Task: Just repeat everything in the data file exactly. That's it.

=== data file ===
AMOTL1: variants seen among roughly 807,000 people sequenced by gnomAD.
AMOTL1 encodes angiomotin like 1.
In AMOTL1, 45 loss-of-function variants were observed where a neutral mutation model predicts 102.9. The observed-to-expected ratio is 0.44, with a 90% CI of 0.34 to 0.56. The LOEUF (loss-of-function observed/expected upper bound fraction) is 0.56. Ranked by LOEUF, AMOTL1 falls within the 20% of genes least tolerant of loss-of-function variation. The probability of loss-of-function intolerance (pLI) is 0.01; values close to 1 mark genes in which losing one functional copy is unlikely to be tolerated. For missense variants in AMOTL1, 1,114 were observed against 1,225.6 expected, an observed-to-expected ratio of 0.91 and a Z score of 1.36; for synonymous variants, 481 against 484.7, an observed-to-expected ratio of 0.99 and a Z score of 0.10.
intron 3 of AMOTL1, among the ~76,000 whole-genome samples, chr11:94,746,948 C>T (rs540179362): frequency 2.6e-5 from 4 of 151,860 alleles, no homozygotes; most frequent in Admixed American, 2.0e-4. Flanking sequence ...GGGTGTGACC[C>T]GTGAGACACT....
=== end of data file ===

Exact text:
AMOTL1: variants seen among roughly 807,000 people sequenced by gnomAD.
AMOTL1 encodes angiomotin like 1.
In AMOTL1, 45 loss-of-function variants were observed where a neutral mutation model predicts 102.9. The observed-to-expected ratio is 0.44, with a 90% CI of 0.34 to 0.56. The LOEUF (loss-of-function observed/expected upper bound fraction) is 0.56. Ranked by LOEUF, AMOTL1 falls within the 20% of genes least tolerant of loss-of-function variation. The probability of loss-of-function intolerance (pLI) is 0.01; values close to 1 mark genes in which losing one functional copy is unlikely to be tolerated. For missense variants in AMOTL1, 1,114 were observed against 1,225.6 expected, an observed-to-expected ratio of 0.91 and a Z score of 1.36; for synonymous variants, 481 against 484.7, an observed-to-expected ratio of 0.99 and a Z score of 0.10.
intron 3 of AMOTL1, among the ~76,000 whole-genome samples, chr11:94,746,948 C>T (rs540179362): frequency 2.6e-5 from 4 of 151,860 alleles, no homozygotes; most frequent in Admixed American, 2.0e-4. Flanking sequence ...GGGTGTGACC[C>T]GTGAGACACT....